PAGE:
According to the Conference Board, the index of U.S. leading indicators improved 0.1% month-over-month in April, matching the 0.1% rise in March.

The increase was above the consensus estimate looking for no change.

"These data certainly reflect a weak economy but not one in recession," said Ken Goldstein, labor economist at The Conference Board. "Moreover, the small increases in the Leading Index in both March and again in April could be a signal that the economy may not weaken further."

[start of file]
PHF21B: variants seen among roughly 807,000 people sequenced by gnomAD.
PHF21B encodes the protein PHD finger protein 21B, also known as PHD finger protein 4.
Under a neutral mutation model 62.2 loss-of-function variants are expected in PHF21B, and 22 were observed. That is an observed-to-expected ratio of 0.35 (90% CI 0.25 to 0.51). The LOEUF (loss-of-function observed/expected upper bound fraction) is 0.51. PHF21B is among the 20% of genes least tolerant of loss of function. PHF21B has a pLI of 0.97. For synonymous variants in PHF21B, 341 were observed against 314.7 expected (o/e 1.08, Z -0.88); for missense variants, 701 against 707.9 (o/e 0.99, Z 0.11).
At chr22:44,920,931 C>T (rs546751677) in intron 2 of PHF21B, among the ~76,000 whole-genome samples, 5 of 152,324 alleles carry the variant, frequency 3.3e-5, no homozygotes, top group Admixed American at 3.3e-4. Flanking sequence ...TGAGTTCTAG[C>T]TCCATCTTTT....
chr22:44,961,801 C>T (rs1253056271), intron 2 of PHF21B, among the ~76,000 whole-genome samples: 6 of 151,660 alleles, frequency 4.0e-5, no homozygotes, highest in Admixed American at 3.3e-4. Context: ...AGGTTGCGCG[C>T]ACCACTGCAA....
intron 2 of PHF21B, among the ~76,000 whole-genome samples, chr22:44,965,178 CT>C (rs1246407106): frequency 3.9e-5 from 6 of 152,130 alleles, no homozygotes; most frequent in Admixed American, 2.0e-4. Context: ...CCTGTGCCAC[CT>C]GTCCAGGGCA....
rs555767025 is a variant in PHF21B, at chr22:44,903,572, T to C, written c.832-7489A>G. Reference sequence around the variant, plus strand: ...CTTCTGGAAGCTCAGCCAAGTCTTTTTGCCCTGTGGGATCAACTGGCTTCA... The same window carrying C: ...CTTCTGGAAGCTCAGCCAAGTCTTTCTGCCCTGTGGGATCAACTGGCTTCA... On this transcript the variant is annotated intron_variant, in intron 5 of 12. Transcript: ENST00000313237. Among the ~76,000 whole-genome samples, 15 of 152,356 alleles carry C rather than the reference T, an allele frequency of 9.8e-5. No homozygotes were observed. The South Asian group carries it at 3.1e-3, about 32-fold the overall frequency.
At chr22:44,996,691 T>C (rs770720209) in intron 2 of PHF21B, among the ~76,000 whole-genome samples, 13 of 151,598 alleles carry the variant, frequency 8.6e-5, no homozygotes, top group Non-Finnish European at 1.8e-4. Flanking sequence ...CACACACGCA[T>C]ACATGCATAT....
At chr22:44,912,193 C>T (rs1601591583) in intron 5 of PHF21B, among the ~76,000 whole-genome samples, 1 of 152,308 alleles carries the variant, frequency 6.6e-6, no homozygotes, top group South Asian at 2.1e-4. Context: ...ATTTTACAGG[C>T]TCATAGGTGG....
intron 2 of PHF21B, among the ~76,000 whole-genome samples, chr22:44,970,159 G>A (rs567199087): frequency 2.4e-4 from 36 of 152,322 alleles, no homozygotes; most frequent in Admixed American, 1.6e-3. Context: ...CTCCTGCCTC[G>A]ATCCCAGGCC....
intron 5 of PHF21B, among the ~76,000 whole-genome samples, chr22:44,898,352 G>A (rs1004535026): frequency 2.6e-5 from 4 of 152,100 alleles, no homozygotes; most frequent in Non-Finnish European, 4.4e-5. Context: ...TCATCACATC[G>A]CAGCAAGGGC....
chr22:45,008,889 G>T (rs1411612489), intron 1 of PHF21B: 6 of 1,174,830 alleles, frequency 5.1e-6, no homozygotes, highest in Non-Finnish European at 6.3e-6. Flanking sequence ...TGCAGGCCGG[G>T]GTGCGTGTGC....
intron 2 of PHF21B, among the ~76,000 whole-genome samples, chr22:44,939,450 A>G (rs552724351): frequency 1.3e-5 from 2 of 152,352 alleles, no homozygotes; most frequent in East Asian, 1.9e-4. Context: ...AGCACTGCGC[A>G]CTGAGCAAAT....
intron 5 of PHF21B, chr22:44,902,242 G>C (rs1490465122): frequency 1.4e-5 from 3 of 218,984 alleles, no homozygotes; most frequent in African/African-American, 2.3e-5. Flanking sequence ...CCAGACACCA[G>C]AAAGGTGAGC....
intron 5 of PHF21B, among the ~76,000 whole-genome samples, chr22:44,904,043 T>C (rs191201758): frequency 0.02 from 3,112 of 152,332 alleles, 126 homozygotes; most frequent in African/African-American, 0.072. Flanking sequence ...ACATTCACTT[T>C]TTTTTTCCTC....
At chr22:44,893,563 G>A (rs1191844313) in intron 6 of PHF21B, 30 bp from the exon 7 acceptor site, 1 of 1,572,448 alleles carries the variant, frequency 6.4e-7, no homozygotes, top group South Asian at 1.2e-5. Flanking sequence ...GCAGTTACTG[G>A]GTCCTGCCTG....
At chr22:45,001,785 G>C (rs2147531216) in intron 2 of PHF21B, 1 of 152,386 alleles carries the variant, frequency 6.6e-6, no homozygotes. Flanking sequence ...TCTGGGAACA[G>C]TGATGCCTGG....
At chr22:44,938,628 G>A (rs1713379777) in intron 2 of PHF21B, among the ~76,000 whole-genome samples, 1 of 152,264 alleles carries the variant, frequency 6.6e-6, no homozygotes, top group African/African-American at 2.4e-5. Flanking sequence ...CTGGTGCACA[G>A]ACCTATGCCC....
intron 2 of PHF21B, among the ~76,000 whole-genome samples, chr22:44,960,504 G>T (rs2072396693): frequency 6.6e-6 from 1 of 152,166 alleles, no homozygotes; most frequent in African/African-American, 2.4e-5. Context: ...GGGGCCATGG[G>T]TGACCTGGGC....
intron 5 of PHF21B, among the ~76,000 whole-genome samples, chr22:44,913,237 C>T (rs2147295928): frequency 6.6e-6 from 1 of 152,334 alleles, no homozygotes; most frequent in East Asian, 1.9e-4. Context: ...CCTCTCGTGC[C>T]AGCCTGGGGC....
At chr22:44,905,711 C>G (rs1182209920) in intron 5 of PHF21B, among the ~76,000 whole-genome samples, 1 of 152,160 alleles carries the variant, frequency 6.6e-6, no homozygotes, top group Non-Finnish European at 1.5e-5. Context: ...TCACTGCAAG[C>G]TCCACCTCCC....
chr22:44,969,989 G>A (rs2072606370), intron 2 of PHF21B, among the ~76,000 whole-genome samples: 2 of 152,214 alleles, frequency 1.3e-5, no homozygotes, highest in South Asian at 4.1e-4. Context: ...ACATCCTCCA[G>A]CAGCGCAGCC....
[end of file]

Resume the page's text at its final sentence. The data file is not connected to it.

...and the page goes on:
March's increase was the first gain in six months.

The index is made up of real money supply, interest rate spread, manufacturers' new orders for non-defence capital goods, manufacturers' new orders for consumer goods and materials, average weekly initial claims for unemployment insurance, building permits, vendor performance, index of consumer expectations, stock prices and average weekly manufacturing hours.

The coincident index also was unchanged in April for the second consecutive month.

By Erik Kevin Franco and edited by Cristina Markham